Friday, April 25, 2014

Paul Krugman’s Solar Delusions

By Robert Bryce

Solar energy can solve global warming. That’s what Paul Krugman claims in his April 18 column in theNew York Times, “Salvation Gets Cheap.”

Krugman extolled “the incredible recent decline in the cost of renewable energy, solar power in particular.” He used to dismiss the claim that renewable energy would be a major source of global energy “as hippie-dippy wishful thinking.” But now, he says, thanks to the falling price of renewable energy, the process of decarbonization can be accelerated and “drastic cuts in greenhouse gas emissions are now within fairly easy reach.”

Solar is getting cheaper. And solar capacity is growing rapidly. But Krugman is still wrong. Solar won’t result in “drastic cuts” in greenhouse-gas emissions for two simple reasons: scale and cost.

Before going further, let me be clear...

1 comment:

  1. It's fascinating to see a lot of people being so enthusiastic about solar energy as prices for solar panels and other systems continue to go down, while at the same time ignoring the physical limitations inherent in solar power systems. Solar energy - in the form of light - is very dispersed as it is when it reaches the Earth, and then it is dispersed even further as it makes its way through the thickness of the atmosphere. And then the solar panels can only convert - so far - no more than 17% of the total light shining on the panel and only in a good day, which is why panels have to be so huge in order to get something close to meaningful power, and then you can only have them charge batteries because there's no way you can draw power directly from them without either inconsistent power delivery (every time a cloud passes by and such) or destroying your panels. Oh, and you have to use these deep cycle batteries which are expensive to buy and dangerous if overcharged, besides adding a charge controller so your panels don't *draw* power from your batteries during the night, plus an inverter to turn the direct current power to alternate current power, etc.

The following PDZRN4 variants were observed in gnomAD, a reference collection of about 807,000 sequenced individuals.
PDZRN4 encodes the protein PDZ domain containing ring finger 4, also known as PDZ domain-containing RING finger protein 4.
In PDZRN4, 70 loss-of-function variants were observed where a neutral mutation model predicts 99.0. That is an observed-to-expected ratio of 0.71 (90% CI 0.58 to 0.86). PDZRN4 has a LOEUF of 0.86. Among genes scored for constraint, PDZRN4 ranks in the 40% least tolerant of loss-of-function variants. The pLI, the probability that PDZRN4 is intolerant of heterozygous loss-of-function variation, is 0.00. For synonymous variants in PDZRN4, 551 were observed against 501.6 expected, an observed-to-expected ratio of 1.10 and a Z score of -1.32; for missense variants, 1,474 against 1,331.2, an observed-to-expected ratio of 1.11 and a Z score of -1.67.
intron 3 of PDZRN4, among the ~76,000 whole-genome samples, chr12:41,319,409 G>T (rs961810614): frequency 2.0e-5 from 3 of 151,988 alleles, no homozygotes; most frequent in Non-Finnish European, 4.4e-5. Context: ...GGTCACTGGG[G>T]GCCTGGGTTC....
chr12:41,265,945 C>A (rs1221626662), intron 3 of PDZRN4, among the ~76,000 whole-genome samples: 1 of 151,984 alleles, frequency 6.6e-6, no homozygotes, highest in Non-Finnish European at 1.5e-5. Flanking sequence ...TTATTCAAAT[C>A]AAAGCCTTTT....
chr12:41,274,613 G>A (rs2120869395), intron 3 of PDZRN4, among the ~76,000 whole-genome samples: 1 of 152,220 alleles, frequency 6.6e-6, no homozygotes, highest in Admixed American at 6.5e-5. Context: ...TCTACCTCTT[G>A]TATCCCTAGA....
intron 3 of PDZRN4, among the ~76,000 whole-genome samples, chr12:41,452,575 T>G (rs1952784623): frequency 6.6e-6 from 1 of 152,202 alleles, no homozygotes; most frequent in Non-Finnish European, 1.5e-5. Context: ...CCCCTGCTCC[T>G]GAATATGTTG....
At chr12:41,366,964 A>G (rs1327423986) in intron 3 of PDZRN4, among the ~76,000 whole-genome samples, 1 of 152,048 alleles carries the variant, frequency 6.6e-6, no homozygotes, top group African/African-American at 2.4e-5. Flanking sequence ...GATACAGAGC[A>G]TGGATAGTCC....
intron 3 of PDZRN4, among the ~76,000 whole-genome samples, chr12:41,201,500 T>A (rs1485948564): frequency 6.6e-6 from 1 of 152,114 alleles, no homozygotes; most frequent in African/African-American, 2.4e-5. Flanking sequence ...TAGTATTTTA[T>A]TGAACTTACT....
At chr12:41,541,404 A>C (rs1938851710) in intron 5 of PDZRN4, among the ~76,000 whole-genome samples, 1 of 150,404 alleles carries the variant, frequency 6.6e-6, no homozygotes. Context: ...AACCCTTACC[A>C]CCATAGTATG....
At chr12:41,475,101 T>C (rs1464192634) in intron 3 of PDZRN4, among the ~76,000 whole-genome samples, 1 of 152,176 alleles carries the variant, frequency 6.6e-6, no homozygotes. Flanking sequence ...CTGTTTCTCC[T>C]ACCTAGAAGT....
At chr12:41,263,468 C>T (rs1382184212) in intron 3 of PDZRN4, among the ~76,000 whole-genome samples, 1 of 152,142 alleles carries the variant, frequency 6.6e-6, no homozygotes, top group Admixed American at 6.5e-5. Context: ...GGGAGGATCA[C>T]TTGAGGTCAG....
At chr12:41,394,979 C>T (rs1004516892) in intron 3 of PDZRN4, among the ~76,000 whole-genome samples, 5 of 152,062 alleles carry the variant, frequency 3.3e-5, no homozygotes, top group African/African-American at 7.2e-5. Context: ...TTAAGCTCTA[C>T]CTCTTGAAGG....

So you face the issue that it is physically impossible to obtain more than a few hundred watts of power from solar energy with a typical array of panels because of dispersion, and because of the very low efficiency of the conversion process. There's NO way solar power can even start to complement other forms of energy production let alone *replace* them. Physics is in the way- maybe because physics is racist. Let's ask Jerry Wolfgang, he can tell us.